Hold me close, never let me go-oh oh.
Keep this feeling alive. Make me lose control.
It was a song in the 1980's from a guy from Cleveland who had a huge hit in "Hungry Eyes" from the movie Dirty Dancing. It went to #3 on Billboard's top 100 songs.
When I'm on the road, in the Chicagoland area, you know I listen to jazz, WDCB. If I go west, to Iowa, I have to wait until I'm about 30 minutes into the state before I can pick up the Kirkwood College jazz station, KCCK. In the meantime, I'm in a vast area of search button pushing to find something I'll listen to.
I've been in the car a lot in the past month. The most recent trip was to Iowa. All of this has been for business.
If I'd get my act together, I could bring my CD folder and know that I'd have my preferred music wherever I go. But the last time I cleaned out the CD folder was back in November and there's Christmas music in it. I only think about cleaning it out when I'm pulling out of the drive or, like right now, but if I stop blogging and clean out the CD folder, I'm liable to forget about blogging. It's that whole idea we, in the gaming world, call the "ooh shiny" effect.
Anyway, having had to go to Wisconsin every day for a week and then to Iowa, I've spent a lot of time button punching to find something I'll listen to. I find myself gravitating toward "oldies" stations and the "oldies" I listen to are from the 1960's through the 1980's. While I listened to jazz during those years, I also was quite aware of what was going on in pop music.
On a previous work trip last year, I decided to write down the names of the songs I heard more than once because I knew I'd be going into and out of various radio station broadcast areas. It was going to be interesting. There's a huge amount of music in those 20 years. Why, if I'm going from place to place, do I hear the same songs played over and over? I haven't heard the above song in a very, very long time in spite of its standing as hugely popular in 1988.
There is a web site I follow, Upworthy. Politically left, they find some interesting videos that cover a large gamut of social causes. Sometimes, I think they are too far to the left for my tastes, but they have shown me interesting points of view. One of their posts from last month hit close to home.
You don't have to agree with Upworthy's stance on raising the minimum wage, banning fracking or gun control, but this is something you should be concerned about. It's not just how often you hear "Mrs. Robinson", it's how often you hear Taylor Swift, Lady Gaga or Mozart. It's how many sports or talk stations you can find.
It seems like a long time ago, but radio stations were fairly independent entities. Their play lists were dictated by what music the station itself could get its hands on. Now, the feed is created somewhere else and sent to the station. It's mixed up just enough that if you're driving from Chicago to Cedar Rapids, you'll hear similar songs on the oldies stations, but maybe not the same ones. WDCB moved, at the beginning of this year, to larger quarters driven, in part, by their vast collection of jazz. They have music they bought and their DJ's decide what they are going to play, not some corporation somewhere outside of the station. (The Saturday morning DJ routinely brings records to his show, stuff you can't find in CD format.) If I call in and ask for Ella and Louis' "April in Paris", they have that. One of my friends in Ohio posted a complaint on Facebook against a local station. They were doing a "you request it" event and the song he requested hadn't been played in 12 hours, in spite of numbers the station posted on its web site suggesting he wasn't the only person who wanted to hear that song.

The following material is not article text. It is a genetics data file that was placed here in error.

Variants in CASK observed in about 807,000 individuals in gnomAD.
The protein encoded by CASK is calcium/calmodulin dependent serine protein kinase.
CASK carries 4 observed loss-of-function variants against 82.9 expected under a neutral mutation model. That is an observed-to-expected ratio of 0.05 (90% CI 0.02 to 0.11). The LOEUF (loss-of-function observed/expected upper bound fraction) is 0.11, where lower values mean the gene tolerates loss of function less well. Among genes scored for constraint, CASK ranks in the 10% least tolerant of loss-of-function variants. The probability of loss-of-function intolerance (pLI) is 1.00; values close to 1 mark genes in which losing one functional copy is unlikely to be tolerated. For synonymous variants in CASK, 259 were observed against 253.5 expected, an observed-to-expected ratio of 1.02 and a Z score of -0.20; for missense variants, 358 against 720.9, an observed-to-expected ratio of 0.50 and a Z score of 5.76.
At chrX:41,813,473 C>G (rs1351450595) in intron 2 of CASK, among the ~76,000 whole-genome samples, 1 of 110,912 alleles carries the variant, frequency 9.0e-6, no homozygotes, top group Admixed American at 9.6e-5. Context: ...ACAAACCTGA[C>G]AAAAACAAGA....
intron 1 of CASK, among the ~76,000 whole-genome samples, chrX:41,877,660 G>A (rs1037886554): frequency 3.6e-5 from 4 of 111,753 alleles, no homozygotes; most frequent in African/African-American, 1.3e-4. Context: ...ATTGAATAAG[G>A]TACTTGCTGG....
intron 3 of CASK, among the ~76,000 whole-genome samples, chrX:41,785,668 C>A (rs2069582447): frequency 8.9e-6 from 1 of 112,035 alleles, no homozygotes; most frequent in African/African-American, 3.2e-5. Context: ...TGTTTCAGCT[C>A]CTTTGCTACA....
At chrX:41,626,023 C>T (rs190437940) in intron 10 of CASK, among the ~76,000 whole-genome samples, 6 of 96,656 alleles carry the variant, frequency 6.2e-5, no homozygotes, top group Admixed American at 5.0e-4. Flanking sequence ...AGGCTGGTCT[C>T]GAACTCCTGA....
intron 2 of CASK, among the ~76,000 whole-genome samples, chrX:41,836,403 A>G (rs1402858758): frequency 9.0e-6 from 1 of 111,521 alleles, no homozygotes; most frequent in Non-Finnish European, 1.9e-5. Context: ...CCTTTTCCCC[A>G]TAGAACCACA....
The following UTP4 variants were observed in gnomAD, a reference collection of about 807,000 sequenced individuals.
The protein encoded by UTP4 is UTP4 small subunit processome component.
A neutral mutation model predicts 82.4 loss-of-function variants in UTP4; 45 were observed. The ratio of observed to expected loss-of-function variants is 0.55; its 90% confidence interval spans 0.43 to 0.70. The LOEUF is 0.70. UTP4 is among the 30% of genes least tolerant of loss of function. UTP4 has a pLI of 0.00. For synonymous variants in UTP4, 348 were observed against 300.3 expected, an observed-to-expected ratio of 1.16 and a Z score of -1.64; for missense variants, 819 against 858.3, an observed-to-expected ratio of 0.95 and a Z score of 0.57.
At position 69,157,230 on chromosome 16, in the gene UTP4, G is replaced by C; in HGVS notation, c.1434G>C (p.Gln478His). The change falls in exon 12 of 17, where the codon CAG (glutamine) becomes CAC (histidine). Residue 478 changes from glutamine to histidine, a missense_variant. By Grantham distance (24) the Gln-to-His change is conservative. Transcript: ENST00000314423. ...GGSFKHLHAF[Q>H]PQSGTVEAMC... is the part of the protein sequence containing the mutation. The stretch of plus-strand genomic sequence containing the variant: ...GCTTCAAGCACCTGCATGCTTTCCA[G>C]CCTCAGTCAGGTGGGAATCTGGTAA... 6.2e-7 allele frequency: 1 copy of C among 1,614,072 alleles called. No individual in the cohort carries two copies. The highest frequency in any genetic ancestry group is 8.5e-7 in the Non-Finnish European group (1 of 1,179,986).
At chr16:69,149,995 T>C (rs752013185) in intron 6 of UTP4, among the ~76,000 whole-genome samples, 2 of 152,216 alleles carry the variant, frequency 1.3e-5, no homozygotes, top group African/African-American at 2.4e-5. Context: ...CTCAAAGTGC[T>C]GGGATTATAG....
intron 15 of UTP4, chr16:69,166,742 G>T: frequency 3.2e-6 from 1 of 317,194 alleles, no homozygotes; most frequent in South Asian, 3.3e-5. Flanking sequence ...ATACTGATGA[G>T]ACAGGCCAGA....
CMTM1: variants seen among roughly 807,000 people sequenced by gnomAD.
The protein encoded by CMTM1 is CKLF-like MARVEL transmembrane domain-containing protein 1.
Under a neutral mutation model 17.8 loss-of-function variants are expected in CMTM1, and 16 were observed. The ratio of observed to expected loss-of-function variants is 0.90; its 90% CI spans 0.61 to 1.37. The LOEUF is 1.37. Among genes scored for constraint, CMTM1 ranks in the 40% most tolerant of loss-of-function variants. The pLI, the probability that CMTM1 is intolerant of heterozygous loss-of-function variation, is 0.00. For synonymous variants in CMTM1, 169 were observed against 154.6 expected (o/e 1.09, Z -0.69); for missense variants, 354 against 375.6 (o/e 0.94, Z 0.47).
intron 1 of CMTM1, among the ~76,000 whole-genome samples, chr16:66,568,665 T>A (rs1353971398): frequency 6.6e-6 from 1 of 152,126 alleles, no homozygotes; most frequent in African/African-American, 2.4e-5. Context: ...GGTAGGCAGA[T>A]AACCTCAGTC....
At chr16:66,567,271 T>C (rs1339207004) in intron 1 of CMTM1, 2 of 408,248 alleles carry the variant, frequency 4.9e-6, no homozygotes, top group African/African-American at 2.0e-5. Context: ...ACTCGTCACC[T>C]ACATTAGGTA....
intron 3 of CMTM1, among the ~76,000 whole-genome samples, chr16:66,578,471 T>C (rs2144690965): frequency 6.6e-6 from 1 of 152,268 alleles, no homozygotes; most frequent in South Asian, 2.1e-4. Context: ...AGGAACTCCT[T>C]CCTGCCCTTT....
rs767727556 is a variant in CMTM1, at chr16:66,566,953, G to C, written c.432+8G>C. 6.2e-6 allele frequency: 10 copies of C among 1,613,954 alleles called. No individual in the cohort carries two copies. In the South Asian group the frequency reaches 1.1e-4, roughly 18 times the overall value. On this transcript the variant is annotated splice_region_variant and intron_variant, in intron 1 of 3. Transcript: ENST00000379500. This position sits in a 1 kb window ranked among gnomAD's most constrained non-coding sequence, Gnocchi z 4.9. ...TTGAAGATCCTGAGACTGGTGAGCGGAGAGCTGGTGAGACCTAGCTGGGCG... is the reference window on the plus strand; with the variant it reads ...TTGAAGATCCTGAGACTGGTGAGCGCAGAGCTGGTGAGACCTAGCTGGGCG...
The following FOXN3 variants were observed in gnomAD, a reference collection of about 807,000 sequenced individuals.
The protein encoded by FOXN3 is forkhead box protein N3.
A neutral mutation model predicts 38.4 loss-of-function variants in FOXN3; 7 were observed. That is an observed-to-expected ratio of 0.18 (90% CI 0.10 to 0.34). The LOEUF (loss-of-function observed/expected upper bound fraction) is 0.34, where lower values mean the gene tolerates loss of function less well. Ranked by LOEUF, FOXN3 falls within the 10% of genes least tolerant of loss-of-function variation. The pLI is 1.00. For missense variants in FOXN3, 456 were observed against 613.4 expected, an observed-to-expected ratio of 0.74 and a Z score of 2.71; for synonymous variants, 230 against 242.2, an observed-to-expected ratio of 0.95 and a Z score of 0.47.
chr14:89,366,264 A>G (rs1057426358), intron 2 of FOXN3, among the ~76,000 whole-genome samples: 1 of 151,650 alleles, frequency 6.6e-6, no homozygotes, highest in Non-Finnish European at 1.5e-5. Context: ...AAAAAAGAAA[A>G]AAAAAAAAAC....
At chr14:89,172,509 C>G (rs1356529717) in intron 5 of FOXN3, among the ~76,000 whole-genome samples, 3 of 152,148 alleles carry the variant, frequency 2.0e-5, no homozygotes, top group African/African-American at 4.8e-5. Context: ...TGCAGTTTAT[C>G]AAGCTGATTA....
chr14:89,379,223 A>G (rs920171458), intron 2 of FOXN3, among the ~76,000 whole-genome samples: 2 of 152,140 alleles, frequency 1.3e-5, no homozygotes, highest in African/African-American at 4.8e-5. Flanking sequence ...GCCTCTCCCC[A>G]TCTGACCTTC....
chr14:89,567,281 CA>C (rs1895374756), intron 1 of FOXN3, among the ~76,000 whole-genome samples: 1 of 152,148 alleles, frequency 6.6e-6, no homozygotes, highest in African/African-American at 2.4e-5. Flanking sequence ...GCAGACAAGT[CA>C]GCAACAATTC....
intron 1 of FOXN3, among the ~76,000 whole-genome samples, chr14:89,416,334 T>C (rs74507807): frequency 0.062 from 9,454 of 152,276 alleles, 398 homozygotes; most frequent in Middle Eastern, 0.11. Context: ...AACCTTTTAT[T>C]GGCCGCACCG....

It's admittedly hard for a station to have all music from their selected era. If you include things like "one hit wonders", the artists that had one hit, even a minor one, and then dropped out of sight, the songs must be in the millions. I like Billy Joel. I should get a greatest hits album. But I heard "Still Rock and Roll to Me" three times in the Iowa trip. Think about Joel's body of work and this is the song I heard.
It's not an answer to pay for Sirius XM radio. I don't see that as any more broad than having 6 corporate entities decide what I will listen to. The problem is that new artists have a much, much harder time getting any air for their music. This is across the board from country to pop to rap to classical to folk. (When was the last time you heard a folk song on the radio? Be honest. Yeah, I didn't think so. WDCB plays 3 hours of folk music on Tuesday night at 8 p.m. This is more than Peter, Paul and Mary or the Irish Rovers, too.) We are exposed, less and less, to interesting new voices and more and more to prepackaged, over hyped artists with similar sounds.
I hope that the next time you're listening to the radio and "Mrs. Robinson" comes on, you'll remember that Simon and Garfunkle have a great many more hits than this; "The Boxer", "Sounds of Silence" and "Bridge over Troubled Waters", are three of their biggest hits, bigger than a song from the movie, The Graduate. Chances are good, you won't hear these in your travels because someone somewhere far away from where you live decided that "Mrs. Robinson" is the song you get. That should bother you.
Beverage: Scottish Breakfast tea